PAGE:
I downloaded my Medium archive, used Pandoc to convert the posts from HTML to MarkDown, and then copied and pasted the MarkDown into new posts on my Jekyll site. There was more post-processing than I anticipated, or would like. And it doesn’t look as easy to automate the cleanup as I would like.
Even more frustrating was my discovery a couple weeks ago that the Medium API supports posting to Medium, but not retrieving posts from Medium. It is easy to write code that cross-posts from another platform to Medium, but Medium makes it more difficult to go the other way.
My guess is that their focus is on content. They want to be the place where we go to find ALL THE CONTENT. So they make it really easy to get content in. Harder to get content out. And by making a beautiful, easy-to-use editor, the temptation is strong to just use Medium from the start.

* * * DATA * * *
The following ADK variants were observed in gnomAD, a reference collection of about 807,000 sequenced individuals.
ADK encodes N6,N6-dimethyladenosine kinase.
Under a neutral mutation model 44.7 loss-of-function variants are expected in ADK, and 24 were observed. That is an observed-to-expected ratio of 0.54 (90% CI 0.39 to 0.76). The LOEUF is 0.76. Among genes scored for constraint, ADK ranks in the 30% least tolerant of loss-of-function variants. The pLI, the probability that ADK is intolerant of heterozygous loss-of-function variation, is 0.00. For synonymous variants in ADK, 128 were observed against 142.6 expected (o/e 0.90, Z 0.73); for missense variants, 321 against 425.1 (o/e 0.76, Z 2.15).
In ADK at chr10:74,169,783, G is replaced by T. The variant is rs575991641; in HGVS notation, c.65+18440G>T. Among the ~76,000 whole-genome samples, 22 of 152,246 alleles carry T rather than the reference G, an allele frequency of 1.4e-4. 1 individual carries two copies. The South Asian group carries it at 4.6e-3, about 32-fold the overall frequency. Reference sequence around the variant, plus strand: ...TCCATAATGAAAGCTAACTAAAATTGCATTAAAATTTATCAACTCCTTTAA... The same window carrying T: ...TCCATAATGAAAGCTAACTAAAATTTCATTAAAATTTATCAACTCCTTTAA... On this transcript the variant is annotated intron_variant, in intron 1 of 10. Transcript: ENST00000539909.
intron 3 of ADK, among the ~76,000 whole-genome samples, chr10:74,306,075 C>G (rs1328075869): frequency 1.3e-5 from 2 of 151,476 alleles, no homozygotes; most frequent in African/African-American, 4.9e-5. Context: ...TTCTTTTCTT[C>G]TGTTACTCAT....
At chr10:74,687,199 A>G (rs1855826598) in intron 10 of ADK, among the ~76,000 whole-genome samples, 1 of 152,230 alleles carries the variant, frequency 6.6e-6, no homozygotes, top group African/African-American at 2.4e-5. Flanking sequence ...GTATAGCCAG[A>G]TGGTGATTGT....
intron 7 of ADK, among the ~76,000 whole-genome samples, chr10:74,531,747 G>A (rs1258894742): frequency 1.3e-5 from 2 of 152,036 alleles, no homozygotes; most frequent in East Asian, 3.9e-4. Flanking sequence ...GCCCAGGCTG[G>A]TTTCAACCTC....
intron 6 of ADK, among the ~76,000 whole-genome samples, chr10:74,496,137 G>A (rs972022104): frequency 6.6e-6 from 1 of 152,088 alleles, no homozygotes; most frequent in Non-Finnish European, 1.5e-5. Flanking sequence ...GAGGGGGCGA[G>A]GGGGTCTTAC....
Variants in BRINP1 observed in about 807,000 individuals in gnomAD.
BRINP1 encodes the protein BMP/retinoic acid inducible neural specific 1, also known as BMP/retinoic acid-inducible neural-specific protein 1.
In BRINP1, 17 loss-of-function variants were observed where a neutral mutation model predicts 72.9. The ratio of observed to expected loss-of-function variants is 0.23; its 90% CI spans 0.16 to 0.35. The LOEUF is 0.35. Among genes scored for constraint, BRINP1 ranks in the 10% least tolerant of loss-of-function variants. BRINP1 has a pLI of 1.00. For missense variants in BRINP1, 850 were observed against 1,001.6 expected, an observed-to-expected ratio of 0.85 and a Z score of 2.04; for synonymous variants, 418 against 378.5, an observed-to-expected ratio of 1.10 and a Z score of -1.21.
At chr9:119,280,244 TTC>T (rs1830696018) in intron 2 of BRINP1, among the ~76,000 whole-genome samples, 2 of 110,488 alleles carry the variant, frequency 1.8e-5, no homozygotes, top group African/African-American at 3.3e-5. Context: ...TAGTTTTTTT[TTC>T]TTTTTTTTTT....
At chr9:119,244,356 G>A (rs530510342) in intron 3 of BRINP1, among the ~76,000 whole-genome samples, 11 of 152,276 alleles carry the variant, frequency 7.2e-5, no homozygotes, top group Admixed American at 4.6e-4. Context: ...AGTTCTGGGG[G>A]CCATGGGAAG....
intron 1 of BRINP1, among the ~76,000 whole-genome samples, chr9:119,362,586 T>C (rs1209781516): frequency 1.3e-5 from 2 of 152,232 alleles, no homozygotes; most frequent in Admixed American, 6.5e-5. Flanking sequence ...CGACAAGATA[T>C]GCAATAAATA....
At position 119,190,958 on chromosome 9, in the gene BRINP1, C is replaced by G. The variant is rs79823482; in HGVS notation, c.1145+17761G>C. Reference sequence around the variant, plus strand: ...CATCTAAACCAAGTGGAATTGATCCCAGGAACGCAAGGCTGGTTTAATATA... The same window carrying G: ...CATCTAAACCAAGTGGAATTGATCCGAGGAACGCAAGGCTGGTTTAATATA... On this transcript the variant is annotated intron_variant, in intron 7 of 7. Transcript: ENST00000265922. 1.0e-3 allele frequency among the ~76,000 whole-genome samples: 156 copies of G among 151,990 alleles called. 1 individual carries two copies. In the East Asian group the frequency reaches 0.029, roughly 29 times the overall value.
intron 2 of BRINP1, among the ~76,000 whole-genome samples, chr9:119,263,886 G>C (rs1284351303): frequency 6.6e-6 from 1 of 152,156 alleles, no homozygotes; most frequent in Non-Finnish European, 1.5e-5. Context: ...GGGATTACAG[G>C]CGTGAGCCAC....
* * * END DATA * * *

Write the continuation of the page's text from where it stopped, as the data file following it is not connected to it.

If we just want to write, get our writings read, and have a permanent record of what we wrote. Medium can be great. But if we want to write content that we keep coming back to, content that keeps evolving, content that’s part of a long-term project … and if we don’t want that long-term project to be locked into a single platform … then Medium may be a problem.
I say as I write this post on Medium.
Because I just can’t resist this editor.
Time to go add some code to Peasy so I can get it ready for prime-time sooner.
Featured image by paul bica (CC BY).
We’re sorry, but due to heavy load on our database we are no longer able to offer an export function. Our engineers are working on this and we will restore it as soon as possible.
Hopefully they get things working properly so I can export them one of these days without resorting to more arcane methods to get the data back.